As to "deregulation" using it as a boogyman word as you did tends to obscure the debate. SOME regulation is good. Some deregulation is also good.

    What I advocate is a more creative look at regulation instead of simply assuming all regulation is god's work and piling today's big government heavy hand on top of yesterday's.

  • In reply to publiusforum:

    Ok, thats a valid point, and I can live with that. On a side note, though, I would assume based on that "creative" look at regulation you advocate, you are against the standing filibuster the GOP has on even debating the issues at hand?

  • In reply to RyanJustice:

    I can't comment on that particular filibuster as I am not well enough informed on it to offer comment. But suffice to day that I am not against the filibuster per se. It can be a useful tool especially if you are in the minority.

  • In reply to RyanJustice:

    I agree. I'm not talking about any specific issue. I'm not against the filibuster either, and that wasn't my question. The question, in other words, was whether you agree with how the GOP is using the filibuster to block debate on a majority of issues presented? If you are in favor of a "creative" look at regulation, I'd hope you would not agree with one side blocking debate on an issue that is of pressing importance.

    By the way, how can you not be well enough informed on the filibuster, but claim that there is a potential for over-reaching regulation with the current administration? Its like saying "I don't follow what is going on in congress (despite me being a political blogger), but I sure as hell have an opinion on it." I'm not trying to be overly critical, as I'm sure it sounds that way, but I would just hope that you are more well informed on politics before you blog about them. Especially when you use such strong language that enflames passions and opinion.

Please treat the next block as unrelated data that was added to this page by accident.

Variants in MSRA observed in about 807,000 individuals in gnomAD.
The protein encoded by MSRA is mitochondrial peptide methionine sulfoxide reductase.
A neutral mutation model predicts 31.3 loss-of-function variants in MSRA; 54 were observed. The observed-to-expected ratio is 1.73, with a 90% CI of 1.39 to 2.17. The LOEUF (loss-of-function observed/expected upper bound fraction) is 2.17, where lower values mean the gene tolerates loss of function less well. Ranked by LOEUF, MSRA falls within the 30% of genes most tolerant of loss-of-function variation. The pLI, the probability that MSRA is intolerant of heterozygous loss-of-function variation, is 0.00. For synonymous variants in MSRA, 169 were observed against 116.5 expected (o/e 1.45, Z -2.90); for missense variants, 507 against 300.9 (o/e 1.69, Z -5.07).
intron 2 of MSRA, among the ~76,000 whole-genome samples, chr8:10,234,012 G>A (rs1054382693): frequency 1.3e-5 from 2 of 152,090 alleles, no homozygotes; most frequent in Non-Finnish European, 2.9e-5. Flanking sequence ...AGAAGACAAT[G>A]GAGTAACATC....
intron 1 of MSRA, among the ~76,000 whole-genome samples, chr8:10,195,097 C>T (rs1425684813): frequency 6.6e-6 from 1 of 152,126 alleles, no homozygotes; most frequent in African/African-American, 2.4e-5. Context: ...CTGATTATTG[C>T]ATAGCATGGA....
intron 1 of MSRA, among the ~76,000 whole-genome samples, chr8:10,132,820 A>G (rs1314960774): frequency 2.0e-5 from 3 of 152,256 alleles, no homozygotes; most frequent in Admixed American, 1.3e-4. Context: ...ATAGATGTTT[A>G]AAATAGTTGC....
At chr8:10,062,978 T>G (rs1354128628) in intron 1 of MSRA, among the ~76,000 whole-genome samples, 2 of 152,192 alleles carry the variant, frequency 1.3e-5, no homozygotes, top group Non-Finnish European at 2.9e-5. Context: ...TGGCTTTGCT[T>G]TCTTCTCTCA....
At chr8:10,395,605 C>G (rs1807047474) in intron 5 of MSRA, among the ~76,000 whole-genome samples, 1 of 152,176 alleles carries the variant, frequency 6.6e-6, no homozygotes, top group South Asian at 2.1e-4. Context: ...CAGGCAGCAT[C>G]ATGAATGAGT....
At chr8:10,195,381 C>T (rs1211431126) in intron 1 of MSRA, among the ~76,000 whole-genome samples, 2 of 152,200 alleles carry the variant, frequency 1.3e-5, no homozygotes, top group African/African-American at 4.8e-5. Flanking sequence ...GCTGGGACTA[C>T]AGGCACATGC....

• In reply to RyanJustice:

    I am not saying that only Obama is regulating us. In fact, Bush was bad in many ways. I am aiming my criticism against government (all government, local state, federal) not necessarily just Obama/Pelosi/Reid. But as it stands now THEY are the ones in charge and pushing higher and higher regulations on everything we do. Above I said "And Obama/Reid?Pelosi want more of this? " but that doesn't necessarily follow that I am saying "And only Obama/Reid?Pelosi want more of this and Republicans are innocent."

  • In reply to publiusforum:

    You're still dodging my question. You clearly advocated the need for a creative look at regulation (in any industry, forget whether its financial, healthcare, etc.). So, I asked if you agreed with the GOP's actions of filibustering debate on an issue. Based on your previous statement, I would think the answer would be clear, as debate is necessary to take that creative look. So yes or no? Do you agree or disagree.

  • In reply to RyanJustice:

    You see, you assume talking for the sake of talking is productive. I, on the other hand, do not. Especially when the Dems don't want to talk, they just want to ram through all their pet issues with NO GOP assistance or involvement. You are operating under the false assumption that dealing with Democrats is in and of itself an even playing field of debate on an issue. As we have seen with Obama/Reid/Pelosi they have no interest in bipartisan anything. So far in the last year almost NO bipartisanship on anything has occurred and it isn't the GOP's fault alone. In fact, you can go back to Obama's Ill. State Senate career and easily put the lie to his claim to want to work with the other side. He's never done it in his life. This being the case, the GOP has little choice but a filibuster to put breaks on Democrat arrogance. They are in the minority and this is about their only chance to influence the debate.